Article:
A Beginner’s Guide to Solo French Braiding
I used to view French braids as highly complicated things. Throughout my childhood, only other people braided my hair, and I assumed that French braids would be too complicated for me to attempt independently.
Obviously, I thought wrong. French braiding your own hair is very, very easy! With just a little bit of practice, you can find yourself French braiding your hair without giving it so much as a second thought.
As odd as this may sound, the biggest barrier getting between most gals and an ability to French braid their own hair is a lack of flexibility. The act of French braiding requires one to raise one's elbows in an unusual position, which, to the inflexible, may be quite uncomfortable.
Any initial discomfort can be easily remedied with a bit of stretching. Loosen up your shoulders and back muscles by bringing one elbow at a time up and behind your head and lightly pushing it until you feel a mild stretch. Doing this semi-regularly will make the French braiding position perfectly comfortable.
What made French braiding finally click for me was the realization that one need simply transfer the braid-in-progress from one hand to the other as one works one's way down. Once you get the knack of doing this, you've got French braiding down.
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How to Solo French Braid Your Hair
This is easy. You can TOTALLY do this. All you have to do is...
- Brush out your hair.
- Using your thumbs, draw the hair from your temples to the back of your crown into a small, top ponytail.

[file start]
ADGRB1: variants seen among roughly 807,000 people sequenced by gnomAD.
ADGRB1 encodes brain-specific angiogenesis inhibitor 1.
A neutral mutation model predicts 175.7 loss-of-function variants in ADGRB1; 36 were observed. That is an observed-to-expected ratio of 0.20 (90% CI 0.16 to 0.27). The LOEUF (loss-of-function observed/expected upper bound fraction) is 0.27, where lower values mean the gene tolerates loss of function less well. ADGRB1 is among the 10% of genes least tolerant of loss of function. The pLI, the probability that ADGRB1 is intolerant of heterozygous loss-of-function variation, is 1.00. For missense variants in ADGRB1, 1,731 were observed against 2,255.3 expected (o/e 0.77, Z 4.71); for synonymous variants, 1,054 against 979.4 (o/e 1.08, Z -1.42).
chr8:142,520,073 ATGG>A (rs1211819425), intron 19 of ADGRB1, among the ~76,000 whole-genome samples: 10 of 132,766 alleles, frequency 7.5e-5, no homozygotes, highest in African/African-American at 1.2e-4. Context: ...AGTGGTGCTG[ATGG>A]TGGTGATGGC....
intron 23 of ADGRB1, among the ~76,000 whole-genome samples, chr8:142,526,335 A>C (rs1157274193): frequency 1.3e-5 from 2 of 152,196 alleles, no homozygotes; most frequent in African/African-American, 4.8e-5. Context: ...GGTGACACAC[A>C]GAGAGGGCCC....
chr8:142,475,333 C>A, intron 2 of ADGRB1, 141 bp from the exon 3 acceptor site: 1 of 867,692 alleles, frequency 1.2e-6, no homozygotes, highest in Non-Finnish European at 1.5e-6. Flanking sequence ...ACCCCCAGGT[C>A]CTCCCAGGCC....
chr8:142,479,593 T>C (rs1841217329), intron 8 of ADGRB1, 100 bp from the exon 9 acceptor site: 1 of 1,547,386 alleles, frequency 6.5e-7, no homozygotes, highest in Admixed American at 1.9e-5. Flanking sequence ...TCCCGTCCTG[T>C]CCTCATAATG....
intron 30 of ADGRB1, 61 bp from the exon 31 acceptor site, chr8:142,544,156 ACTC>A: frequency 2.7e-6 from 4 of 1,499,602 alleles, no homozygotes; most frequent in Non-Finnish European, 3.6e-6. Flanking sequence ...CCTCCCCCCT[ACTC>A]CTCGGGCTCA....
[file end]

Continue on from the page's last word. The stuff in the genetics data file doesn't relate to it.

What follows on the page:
- Divide that ponytail into three pieces.
- Take one outside plait and move it to the center.
- Take the other outside plait, move it to the center, and finish the action by securing each plait in between your fingers of the hand on that side of your head.
- Now you have one free hand. Use that hand to draw hair from the top of your ear into the nearest outside plait, then flip that plait to the center of the braid while transferring the three plaits into that hand.
- With your other, now free hand, repeat the previous step with the other side of your head.
- For the next round of hair gathering, draw hair from just above the nape of your neck, and repeat the two previous steps.
- Finally, gather the hair at the very nape of your neck into one final plait and finish the braid.
That's it! If you want a tighter, finer French braid, just draw smaller sections of hair into each plait.
A Note on Music
The music in my hair braiding video (The Four Seasons - Winter by Vivaldi, performed by the US Air Force Band) is in the Public Domain. I got it from an awesome site called Musopen.
Practice Makes Perfect!
If you have never French braided your own hair before, keep in mind that it is going to look crappy the first couple of times.
What I recommend is practicing on your hair just before bed or when you wake up each morning. This seems to be a low stakes time to mess up hair, plus it gives you a moment to pause and concentrate on something very simple and straightforward (as opposed to the thousand and one details that are presently driving you to distraction), which can be very refreshing indeed.
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